UNESCO, UN Report: Social Media Platforms Play Vital Role in Countering Online Hate
NEW YORK – Reducing the vast number of Holocaust denials and distortions online requires effective action by social media platforms, according to a first of its kind report released today by UNESCO and the United Nations Department of Global Communications, in partnership with the World Jewish Congress.
The study, titled “History Under Attack: Holocaust Denial and Distortion on Social Media,” specifically examines platforms such as Facebook, Instagram, Telegram, Twitter and TikTok and provides recommendations for academic resources and content moderation standards. improved for governments, online platforms, educators. and scholars to fight denial and distortion, prevent anti-Semitism and defend human rights.
“As Holocaust deniers become more sophisticated, so do those who fight against this evil,” WJC President Ronald S. Lauder said of the report based on the data. “WJC looks forward to continuing to support the United Nations and UNESCO in their international efforts in Holocaust education and the fight against anti-Semitism.”
Platforms that moderate content and provide reliable information on the topic have a greater impact on solving the problem, the study showed.
About half of Holocaust-related content on Telegram, which is not moderated, has denied or misrepresented its story, according to extensive expert review. For Holocaust-related posts on moderate platforms such as Facebook and Twitter, 10% and 15%, respectively, included denial or distortion.
For the report, nearly 4,000 Holocaust-related content, including posts and memes glorifying Nazi atrocities and shedding light on their destruction of Jewish communities in Europe during World War II, was collected in June and July 2021 from five major online platforms. The content was then manually analyzed by experts from the Oxford Internet Institute at the University of Oxford in English, French, German and Spanish.
“Understanding the history of the Holocaust is crucial to safeguarding our future,” UN Secretary-General António Guterres wrote in the foreword to the report. “If we fail to identify and confront the lies and inhumanity that fueled past atrocities, we are ill-prepared to prevent them in the future.”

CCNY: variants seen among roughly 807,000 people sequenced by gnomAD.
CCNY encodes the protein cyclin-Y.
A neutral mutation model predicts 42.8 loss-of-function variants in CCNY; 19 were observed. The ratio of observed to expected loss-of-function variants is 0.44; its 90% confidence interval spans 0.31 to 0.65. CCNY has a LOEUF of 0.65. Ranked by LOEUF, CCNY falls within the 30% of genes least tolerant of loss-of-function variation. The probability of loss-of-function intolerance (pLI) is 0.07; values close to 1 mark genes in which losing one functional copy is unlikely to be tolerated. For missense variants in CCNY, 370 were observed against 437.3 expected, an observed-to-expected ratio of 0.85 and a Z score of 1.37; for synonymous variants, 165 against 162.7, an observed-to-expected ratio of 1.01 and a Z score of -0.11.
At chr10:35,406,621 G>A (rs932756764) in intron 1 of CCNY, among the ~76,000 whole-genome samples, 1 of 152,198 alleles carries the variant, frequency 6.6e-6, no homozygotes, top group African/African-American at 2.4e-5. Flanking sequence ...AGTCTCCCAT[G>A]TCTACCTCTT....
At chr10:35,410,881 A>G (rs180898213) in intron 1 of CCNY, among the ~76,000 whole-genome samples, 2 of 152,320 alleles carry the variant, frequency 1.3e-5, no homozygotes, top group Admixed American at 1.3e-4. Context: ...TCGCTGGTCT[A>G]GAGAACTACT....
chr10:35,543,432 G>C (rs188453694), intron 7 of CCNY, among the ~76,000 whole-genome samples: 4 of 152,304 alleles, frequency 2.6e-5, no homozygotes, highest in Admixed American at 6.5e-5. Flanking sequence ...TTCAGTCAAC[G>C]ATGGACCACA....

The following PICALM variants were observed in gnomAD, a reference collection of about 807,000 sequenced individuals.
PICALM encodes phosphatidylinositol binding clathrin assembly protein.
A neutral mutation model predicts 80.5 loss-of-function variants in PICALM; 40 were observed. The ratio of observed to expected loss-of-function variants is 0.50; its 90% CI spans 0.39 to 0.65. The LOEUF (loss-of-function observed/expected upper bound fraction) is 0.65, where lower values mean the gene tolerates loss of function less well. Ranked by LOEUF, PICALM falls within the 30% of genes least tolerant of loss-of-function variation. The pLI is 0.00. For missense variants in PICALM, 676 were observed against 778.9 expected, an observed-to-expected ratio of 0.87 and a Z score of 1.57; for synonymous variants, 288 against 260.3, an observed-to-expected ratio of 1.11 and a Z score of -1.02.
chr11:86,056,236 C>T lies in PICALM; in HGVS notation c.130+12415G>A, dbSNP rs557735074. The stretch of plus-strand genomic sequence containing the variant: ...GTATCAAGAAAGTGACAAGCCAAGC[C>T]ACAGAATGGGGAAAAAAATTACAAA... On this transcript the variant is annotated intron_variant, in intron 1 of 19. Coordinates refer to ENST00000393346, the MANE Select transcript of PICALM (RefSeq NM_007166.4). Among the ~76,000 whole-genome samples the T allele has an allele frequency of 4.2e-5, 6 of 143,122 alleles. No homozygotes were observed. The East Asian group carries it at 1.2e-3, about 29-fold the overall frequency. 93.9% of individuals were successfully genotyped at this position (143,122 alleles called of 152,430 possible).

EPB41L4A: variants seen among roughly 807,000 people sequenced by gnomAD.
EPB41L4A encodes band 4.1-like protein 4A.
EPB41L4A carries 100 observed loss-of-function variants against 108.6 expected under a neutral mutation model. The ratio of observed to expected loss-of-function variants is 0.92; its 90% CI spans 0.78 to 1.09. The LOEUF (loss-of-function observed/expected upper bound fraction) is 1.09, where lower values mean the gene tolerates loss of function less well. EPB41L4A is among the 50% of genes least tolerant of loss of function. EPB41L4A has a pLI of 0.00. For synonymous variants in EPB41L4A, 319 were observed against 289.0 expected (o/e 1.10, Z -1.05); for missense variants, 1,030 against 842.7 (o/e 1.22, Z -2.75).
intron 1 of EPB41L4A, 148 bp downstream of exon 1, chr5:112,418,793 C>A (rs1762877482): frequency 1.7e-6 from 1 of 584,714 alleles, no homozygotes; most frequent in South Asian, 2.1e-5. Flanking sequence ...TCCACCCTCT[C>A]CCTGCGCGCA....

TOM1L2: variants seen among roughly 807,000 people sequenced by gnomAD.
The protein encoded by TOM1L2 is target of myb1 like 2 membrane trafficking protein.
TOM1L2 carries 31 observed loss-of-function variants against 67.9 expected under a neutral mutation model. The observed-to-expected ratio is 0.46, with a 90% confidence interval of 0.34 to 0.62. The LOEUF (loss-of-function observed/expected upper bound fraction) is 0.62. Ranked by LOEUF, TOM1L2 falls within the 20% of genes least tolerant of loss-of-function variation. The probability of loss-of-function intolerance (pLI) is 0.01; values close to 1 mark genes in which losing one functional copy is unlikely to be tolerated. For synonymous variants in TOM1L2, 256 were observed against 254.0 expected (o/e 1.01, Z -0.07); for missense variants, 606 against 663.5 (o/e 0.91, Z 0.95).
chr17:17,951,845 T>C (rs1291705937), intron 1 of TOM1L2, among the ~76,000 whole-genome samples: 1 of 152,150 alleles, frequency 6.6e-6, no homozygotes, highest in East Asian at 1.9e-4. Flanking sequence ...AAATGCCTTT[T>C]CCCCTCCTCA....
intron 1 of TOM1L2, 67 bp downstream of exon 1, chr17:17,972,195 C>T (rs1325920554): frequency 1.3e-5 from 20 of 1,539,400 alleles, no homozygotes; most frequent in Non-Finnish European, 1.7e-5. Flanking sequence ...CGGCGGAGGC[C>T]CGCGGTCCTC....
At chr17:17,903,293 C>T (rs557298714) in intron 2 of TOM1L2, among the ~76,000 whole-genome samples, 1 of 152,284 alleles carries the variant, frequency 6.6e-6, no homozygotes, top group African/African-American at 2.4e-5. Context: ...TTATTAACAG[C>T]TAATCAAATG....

The UN chief added: “This report is an urgent wake-up call that must spur us to action – to seek truth, memory and education, and build together a world of peace, dignity. and justice for all”.
Echoing these words, UNESCO Director-General Audrey Azoulay said: “The report reveals that there are still social networks where Holocaust denial and distortion spread unchecked, and that this content is used to fuel hate. We can fight against these phenomena by acting on content and raising awareness among users.
She added: “But we cannot rely solely on the voluntary participation of platforms: we also need common principles and guidelines.”
WJC has partnerships with Facebook and TikTok; both platforms launched features encouraging users searching for Holocaust-related keywords to learn more by visiting the WJC and UNESCO site AboutHolocaust.orgdeveloped to present basic facts about the destruction of European Jewry by the Nazis and their collaborators during World War II.
The site, now available in 19 languages, has around 15,000 daily users. The total number of users exceeds 1 million.
“The WJC will continue to seek additional partnerships with social media companies to strengthen the global effort against anti-Semitism online,” said Yfat Barak-Cheney, WJC Director of International Affairs and Human Rights, who provided comments for the report with WJC representative Leon Saltiel. at the United Nations Office in Geneva and coordinator of UNESCO and the CJM for the fight against anti-Semitism.
To view the report, go to here.
About the World Jewish Congress
The World Jewish Congress (WJC) is the international organization representing Jewish communities in 100 countries to governments, parliaments and international organizations.